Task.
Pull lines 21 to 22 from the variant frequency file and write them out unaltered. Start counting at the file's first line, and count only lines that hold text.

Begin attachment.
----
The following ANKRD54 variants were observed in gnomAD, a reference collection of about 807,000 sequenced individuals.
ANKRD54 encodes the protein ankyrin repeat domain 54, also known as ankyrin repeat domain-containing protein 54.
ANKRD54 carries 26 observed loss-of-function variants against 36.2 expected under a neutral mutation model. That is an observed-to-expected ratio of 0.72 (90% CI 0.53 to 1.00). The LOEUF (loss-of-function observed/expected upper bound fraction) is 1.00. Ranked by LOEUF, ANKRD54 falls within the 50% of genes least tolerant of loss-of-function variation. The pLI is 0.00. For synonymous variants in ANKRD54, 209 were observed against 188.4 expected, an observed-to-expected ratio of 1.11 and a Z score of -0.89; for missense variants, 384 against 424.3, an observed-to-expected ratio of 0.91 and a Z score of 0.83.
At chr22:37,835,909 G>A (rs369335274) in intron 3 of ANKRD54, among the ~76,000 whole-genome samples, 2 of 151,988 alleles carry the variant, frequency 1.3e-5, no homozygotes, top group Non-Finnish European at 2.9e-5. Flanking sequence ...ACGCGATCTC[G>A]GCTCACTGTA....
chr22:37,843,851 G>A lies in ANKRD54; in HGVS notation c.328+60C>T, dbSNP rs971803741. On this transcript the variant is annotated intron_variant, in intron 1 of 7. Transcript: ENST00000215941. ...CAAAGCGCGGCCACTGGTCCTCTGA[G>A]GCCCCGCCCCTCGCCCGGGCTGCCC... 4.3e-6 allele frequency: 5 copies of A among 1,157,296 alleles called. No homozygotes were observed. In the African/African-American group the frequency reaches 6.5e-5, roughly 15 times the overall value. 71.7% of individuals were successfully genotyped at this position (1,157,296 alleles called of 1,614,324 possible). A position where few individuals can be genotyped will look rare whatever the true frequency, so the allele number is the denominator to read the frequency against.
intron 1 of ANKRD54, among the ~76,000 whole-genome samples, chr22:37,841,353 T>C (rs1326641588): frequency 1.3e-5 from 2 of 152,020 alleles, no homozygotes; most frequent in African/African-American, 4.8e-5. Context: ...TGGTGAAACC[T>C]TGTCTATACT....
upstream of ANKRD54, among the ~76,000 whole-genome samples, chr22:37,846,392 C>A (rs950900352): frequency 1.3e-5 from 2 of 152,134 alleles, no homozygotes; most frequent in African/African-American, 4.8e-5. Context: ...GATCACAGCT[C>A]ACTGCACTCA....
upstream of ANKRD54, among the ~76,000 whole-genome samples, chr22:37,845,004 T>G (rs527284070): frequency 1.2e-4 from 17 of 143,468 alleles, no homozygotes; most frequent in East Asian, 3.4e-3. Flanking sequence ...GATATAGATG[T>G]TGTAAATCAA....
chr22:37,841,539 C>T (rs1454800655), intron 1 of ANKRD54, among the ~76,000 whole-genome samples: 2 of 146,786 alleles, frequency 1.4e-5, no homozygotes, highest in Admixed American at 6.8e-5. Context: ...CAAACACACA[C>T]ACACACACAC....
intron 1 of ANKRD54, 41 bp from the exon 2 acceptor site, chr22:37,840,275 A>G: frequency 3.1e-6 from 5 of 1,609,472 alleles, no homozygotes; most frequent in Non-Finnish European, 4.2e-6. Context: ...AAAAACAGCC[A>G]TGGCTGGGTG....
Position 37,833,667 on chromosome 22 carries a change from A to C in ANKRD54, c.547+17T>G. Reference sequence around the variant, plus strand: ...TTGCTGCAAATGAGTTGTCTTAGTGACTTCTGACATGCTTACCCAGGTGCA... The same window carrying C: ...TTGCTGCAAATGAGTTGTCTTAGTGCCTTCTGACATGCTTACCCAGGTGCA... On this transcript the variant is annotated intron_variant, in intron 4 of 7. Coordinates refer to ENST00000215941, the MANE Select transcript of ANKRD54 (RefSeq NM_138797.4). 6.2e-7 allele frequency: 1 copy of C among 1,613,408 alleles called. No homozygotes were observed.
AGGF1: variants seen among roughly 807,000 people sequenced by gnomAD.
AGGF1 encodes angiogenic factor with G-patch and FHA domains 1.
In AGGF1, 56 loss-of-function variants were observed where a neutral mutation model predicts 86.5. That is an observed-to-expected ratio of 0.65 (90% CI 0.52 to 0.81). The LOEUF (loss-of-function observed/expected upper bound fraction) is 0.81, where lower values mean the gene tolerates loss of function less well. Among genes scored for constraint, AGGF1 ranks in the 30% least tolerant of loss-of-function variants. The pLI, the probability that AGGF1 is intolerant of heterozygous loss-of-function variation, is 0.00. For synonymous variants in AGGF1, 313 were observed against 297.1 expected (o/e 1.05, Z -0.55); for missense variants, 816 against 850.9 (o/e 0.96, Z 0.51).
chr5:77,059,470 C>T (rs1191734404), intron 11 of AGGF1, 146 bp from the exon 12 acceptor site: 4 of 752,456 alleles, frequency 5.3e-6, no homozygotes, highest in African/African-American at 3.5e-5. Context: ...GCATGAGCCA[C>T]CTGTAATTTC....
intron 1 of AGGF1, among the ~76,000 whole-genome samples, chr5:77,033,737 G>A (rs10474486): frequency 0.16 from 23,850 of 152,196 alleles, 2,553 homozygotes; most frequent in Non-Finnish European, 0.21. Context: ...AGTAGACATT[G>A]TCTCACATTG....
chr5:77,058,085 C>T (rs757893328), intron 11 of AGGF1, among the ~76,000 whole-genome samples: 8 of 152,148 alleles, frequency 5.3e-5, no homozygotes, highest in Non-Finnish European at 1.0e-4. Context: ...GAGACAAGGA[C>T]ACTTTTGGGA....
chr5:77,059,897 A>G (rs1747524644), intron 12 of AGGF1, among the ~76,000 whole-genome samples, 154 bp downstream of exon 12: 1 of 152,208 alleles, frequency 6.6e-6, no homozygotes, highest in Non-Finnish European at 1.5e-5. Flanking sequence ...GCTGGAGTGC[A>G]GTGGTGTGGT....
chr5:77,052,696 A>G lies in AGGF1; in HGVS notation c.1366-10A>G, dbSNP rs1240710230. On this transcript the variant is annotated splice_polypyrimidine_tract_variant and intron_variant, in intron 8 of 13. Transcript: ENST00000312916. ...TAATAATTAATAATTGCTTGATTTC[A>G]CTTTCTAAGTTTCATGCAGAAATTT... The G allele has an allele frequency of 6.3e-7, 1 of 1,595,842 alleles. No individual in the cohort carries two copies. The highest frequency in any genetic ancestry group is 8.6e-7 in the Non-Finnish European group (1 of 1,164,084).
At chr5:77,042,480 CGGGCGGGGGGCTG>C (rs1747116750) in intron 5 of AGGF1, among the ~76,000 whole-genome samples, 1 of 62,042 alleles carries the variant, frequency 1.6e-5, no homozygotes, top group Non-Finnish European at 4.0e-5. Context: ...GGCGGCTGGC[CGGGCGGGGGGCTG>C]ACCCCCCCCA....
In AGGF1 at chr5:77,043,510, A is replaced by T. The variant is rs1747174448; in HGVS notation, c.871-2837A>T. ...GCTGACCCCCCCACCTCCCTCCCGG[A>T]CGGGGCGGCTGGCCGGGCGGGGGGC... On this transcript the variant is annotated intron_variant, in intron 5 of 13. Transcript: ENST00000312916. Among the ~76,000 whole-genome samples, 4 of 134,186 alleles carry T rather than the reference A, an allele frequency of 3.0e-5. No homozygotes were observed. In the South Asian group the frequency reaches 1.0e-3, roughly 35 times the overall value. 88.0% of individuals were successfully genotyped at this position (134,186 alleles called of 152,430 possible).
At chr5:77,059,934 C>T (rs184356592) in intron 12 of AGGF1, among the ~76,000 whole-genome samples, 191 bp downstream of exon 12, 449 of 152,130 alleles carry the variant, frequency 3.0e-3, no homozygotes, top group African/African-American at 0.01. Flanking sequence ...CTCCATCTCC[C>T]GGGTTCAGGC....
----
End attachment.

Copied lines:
In AGGF1 at chr5:77,043,510, A is replaced by T. The variant is rs1747174448; in HGVS notation, c.871-2837A>T. ...GCTGACCCCCCCACCTCCCTCCCGG[A>T]CGGGGCGGCTGGCCGGGCGGGGGGC... On this transcript the variant is annotated intron_variant, in intron 5 of 13. Transcript: ENST00000312916. Among the ~76,000 whole-genome samples, 4 of 134,186 alleles carry T rather than the reference A, an allele frequency of 3.0e-5. No homozygotes were observed. In the South Asian group the frequency reaches 1.0e-3, roughly 35 times the overall value. 88.0% of individuals were successfully genotyped at this position (134,186 alleles called of 152,430 possible).
At chr5:77,059,934 C>T (rs184356592) in intron 12 of AGGF1, among the ~76,000 whole-genome samples, 191 bp downstream of exon 12, 449 of 152,130 alleles carry the variant, frequency 3.0e-3, no homozygotes, top group African/African-American at 0.01. Flanking sequence ...CTCCATCTCC[C>T]GGGTTCAGGC....